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ceramic courses closing in the uk

updated mon 26 nov 01


Janet Kaiser on sun 25 nov 01

Richard and all the other 22 Clayarters in the UK... (I
know a few, but who else is out there lurking? Better
watch my Ps and Qs :-)

It really breaks my heart... So much experience and
teaching talent being lost to future generations. Now
the generation of real Old Timers like Frank Hamer and
Derek Ems are long retired from active teaching, it
should be the next generation of lecturers now gaining
stature. But, no! Not at all...

The Royal Forest of Dean was really a centre of
excellence. Jack Doherty, erstwhile Chair of the Craft
Potters' Assoc. GONE...

Up North, Jim Robison pushed into GOING and the whole
department GONE or being so badly run down, that the
powers-that-be can close it with a "good conscience".
Indeed, I hear that they want to sell the campus to
make up a massive hole in their finances... Truth or
gossip, I could not say, but it sounds about right.

In London, whole ceramic departments GONE and to add
insult to injury, all the equipment dumped into skips
and sent to landfill sites without being offered to
students, tutors, schools or anyone else. Such utter

Now you tell us that Bournemouth ceramic department has
GONE too... It says at lot when a college decides its
future is in the Media... Spin doctors have replaced
real workers and others with talent, so now even the
colleges prefer the Dream Machine to solid
craftsmanship and manual labour/work. Where on earth
will it all end?

What annoys me most, is that it was official government
policy to make sure everyone had access to higher
education and various bits of paper leading to BA
degrees and higher. They turned polytechnics, technical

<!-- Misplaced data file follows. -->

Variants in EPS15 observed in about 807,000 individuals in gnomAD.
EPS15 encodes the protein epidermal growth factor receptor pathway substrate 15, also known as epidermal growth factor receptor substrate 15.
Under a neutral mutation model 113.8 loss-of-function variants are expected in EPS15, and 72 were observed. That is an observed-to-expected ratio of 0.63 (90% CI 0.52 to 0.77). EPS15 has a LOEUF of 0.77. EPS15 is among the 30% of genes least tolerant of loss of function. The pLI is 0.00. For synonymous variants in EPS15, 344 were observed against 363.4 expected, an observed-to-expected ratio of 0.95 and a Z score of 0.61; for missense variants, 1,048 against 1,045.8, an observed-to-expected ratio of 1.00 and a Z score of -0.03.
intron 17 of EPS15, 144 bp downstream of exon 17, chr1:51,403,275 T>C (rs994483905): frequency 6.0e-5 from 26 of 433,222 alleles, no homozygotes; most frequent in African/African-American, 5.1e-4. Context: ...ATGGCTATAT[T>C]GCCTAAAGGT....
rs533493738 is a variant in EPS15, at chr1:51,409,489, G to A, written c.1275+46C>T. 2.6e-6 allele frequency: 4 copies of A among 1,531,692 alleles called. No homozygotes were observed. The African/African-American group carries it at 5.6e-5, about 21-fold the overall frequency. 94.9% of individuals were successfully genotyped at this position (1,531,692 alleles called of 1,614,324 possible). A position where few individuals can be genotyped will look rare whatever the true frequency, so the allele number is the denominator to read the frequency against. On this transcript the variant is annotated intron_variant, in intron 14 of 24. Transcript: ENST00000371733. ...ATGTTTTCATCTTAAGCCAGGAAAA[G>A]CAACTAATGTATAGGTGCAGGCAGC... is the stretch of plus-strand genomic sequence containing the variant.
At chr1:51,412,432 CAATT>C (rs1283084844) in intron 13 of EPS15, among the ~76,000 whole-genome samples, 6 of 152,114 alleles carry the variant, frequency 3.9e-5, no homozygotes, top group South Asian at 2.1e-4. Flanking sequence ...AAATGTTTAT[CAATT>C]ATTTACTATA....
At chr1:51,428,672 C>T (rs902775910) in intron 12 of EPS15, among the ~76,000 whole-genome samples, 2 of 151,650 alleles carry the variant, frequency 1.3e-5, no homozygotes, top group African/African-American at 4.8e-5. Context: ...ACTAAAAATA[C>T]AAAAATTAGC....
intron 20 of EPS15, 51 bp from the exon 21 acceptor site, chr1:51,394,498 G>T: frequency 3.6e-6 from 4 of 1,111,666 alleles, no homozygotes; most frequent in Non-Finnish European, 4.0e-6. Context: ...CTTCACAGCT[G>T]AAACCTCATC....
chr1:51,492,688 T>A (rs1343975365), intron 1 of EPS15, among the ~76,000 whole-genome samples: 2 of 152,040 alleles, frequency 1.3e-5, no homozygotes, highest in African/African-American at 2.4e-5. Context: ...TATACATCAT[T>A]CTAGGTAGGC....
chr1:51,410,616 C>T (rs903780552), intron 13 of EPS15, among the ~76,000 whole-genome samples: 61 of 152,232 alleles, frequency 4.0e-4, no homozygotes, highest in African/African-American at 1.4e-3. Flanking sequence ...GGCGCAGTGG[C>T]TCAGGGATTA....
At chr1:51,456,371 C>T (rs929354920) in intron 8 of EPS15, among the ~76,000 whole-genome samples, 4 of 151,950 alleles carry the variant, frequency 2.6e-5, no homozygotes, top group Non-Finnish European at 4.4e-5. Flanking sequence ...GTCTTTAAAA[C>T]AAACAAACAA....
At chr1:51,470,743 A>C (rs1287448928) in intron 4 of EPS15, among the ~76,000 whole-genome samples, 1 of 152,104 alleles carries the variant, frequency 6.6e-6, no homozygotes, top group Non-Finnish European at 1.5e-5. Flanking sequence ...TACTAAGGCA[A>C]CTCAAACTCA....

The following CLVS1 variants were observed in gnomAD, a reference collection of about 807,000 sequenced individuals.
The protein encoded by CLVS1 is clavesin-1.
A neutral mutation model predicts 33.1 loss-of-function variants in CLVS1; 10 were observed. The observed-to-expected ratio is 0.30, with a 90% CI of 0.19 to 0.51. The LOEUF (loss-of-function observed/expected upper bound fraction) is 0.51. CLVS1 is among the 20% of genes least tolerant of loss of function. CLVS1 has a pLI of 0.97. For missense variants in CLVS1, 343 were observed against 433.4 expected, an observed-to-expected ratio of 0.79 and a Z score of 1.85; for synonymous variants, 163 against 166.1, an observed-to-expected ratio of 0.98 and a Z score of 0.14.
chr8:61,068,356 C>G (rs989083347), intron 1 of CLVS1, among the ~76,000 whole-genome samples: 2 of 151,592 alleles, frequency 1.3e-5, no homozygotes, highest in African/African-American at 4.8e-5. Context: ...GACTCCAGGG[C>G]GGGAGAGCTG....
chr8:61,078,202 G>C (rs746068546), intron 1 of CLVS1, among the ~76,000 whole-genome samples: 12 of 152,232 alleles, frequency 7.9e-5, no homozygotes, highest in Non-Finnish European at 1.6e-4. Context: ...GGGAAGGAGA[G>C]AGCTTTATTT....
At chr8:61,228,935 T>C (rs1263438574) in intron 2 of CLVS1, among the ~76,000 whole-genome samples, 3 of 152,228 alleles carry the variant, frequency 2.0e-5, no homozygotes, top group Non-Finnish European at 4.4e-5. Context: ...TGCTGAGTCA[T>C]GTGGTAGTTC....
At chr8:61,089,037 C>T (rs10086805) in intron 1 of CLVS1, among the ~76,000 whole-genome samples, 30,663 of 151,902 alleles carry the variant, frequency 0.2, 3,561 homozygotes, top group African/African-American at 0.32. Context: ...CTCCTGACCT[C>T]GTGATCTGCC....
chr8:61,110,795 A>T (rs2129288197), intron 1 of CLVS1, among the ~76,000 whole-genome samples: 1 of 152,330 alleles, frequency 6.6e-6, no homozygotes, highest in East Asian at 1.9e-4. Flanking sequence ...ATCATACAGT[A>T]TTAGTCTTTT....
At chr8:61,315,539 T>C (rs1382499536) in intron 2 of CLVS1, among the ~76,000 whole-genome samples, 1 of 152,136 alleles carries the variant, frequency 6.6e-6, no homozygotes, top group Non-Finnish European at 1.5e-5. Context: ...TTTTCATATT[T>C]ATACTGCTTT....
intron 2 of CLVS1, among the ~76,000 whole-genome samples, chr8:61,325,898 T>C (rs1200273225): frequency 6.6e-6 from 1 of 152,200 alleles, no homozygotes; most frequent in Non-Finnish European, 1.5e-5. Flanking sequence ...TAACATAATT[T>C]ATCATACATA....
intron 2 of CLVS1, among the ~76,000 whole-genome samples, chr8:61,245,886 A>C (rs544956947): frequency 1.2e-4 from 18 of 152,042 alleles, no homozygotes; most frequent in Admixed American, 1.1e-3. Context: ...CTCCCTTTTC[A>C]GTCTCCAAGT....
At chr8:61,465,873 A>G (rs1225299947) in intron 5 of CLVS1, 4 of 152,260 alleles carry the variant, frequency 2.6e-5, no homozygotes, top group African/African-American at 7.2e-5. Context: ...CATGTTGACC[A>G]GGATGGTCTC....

colleges and whatnot into universities and were
surprised when people were just not into their
airy-fairy, look-I'm-an-artist courses, but wanted
real, hands-on, practical training.

And now a generation of politicians (who are only where
they are because of the FREE further education they
received themselves) have imposed fees and removed
grant aid to students! We have adopted the US system,
but with none of the backup... No stipends,
scholarships or other means for students from poor
families to contemplate further education without going
into thousands of pounds of debt. Which is probably why
those departments which were traditionally either
purely academic (like Greek and Latin) or art
orientated will die out anyway... How many young
graduates will be able to pay off their debt from being
professional artists?

Those of you who were "saddened" and "pissed-off" at
what I was trying to express last week should just
consider our historical background and these current
trends... The age-old struggle between the well-meaning
intellegencia and the ordinary folk or proletariat. We
like rolling our sleeves up and working, not eulogising
about a cup with a hole in the bottom. If we now remove
the very courses where we could have learned, what do
we have left? This is a question to the simple potter,
not those who are happy and quite entitled to pursue a
career in design or pure art.

Apprenticeships became a dirty word and despised as
"slave labour" back in the 1960s, so the half dozen
places with working master potters are rarer than gold.
Without practical training available, there will be a
generation of teach-yourself-to-pot people, who will
have to reinvent the wheel (almost literally), because
there is no one around to pass on millennia of
knowledge to them.

"Saddened" and "pissed-off"? You bet I am!!

Janet Kaiser
The Chapel of Art . Capel Celfyddyd
Home of The International Potters' Path
8 Marine Crescent . Criccieth LL52 0EA
Wales . GB . United Kingdom
Tel: (01766) 523570